Which reminds me:  I’ve got to go prepare a speech for a group of 17 students from Missouri Southern State University visiting Paris and us later this week.  Not only will they get to see a Parisian apartment (they will find it small but, trust me,  by Parisian standards, 96 square meters for two is heading toward vast) and get to hear my spiel on les différences culturelles,  they’ll also get a glance at our resident Frenchman, Philippe (they can decide whether or not he looks French. The jury’s out).  After the talk and some viennoiseries,  we’ll repair to the nearby Père Lachaise cemetery to contemplate the graves of the illustrious  (Chopin, Piaf, Balzac, Colette, and Jim Morrison to name but a few).  Any guess as to whose burial plot is the most well-known and sought after?    After the tour of the tombs, a couscous lunch awaits us at our local Moroccan restaurant.  If that doesn’t give them a slice of Parisian life, I don’t know what would (well, the Arch of Triumph and the Eiffel Tower but they’ve surely been there, done that).

So, why write about France and the French?  Let me tell you after our little talk, tour, and couscous.  I’m sure those students will find zillions of “French” things that are different – and I can’t wait to hear what they say.  It will be grist for my mill  – and, who knows,  maybe another book about the French.  Encore un?  Mon Dieu!   Well, that’s what I mean about writing about the French.



The full interview in A Woman’s Paris can be found at the links below:

French Impressions: Harriet Welty Rochefort’s “Joie de Vivre” taking pleasure in the small things (part one)
French Impressions: Harriet Welty Rochefort’s “Joie de Vivre” comes when you least expect it (part two)



6 thoughts on “Writing about the French”

  1. Mike & Joyce Rogers

    I was born and raised in Shenandoah and my wife is from rural Tabor. We have relocated for the past 13 years to Kansas City, MO. In 2011 we visited Belgium, the Netherlands, London and Paris. Reading your posts always remind us snippets of our time in Paris that we had forgotten. Thank you for the memories.

    1. It’s a pleasure to be read by another Shenandoah native! And if my posts give you memories of your time in Paris, I’m even happier. Thanks for writing.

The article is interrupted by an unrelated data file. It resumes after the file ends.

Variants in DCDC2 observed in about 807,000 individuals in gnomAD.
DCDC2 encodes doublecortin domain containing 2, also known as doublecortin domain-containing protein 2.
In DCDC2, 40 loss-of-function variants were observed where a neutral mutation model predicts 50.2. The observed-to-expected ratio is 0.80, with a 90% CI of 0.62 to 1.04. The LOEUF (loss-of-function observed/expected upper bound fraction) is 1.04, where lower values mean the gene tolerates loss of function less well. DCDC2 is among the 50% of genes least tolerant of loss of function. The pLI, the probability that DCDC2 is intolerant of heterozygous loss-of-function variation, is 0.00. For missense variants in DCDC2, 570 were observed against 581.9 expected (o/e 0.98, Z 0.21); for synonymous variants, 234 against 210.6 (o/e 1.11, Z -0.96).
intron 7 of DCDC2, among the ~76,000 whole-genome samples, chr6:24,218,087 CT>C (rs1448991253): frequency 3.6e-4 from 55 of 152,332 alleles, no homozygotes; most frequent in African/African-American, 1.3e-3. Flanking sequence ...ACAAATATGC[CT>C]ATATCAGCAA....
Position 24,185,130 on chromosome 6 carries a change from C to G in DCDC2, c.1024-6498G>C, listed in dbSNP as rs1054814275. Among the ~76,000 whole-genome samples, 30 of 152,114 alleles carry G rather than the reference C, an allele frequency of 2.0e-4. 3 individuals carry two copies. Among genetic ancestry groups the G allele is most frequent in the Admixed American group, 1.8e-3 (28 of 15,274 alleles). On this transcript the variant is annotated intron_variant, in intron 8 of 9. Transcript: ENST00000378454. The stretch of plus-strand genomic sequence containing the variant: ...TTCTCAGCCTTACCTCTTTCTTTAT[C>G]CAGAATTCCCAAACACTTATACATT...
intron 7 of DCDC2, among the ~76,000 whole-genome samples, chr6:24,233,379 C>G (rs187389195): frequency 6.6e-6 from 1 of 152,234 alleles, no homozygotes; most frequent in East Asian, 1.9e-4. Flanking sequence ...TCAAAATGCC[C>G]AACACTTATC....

2. Dear Harriet,

    Thank you for sharing your answer to this question in your interview for A Woman’s Paris. We all engage with you and your work in such a powerful way, but for me it is your genuine affection for the people in your adopted country and the jaunty and cheerful style in which you write. Brava!

    Thank you, too, for providing links to your full interview: part one and part two. Every response from you to my questions was so delightful that “nothing” was left on the “cutting room floor!”

    With affection,

    Barbara Redmond

    1. Barbara,
      It was a delight to answer the questions in your interview. Good interview questions stimulate, make one think, and that’s what yours did for me. I hope more people will visit your site, A Woman’s Paris, which is a elegant place to read about all things French and find joie de vivre.

  3. You ask really two questions: why people are so interested in the French and why people love your trilogy? I’ll respond to the second question. ( I could write reams about why I’m a Francophile/Francomaniac so I’m limiting my answer). You are a talented writer who makes the reader feel, not that he/she is reading a book “about” the French and French culture but rather that he/she is “living” that life. That’s a huge difference between you and many other authors on the same subject. In short, we aren’t getting a lecture bur vicariously living the French life as we are absorbed into the words, sentences and anecdotes of your books.

    1. There’s no greater compliment you can give the author of a “memoir” type of book like mine than saying that you, the reader, feel that you are vicariously living the life he/she is describing. Merci, merci!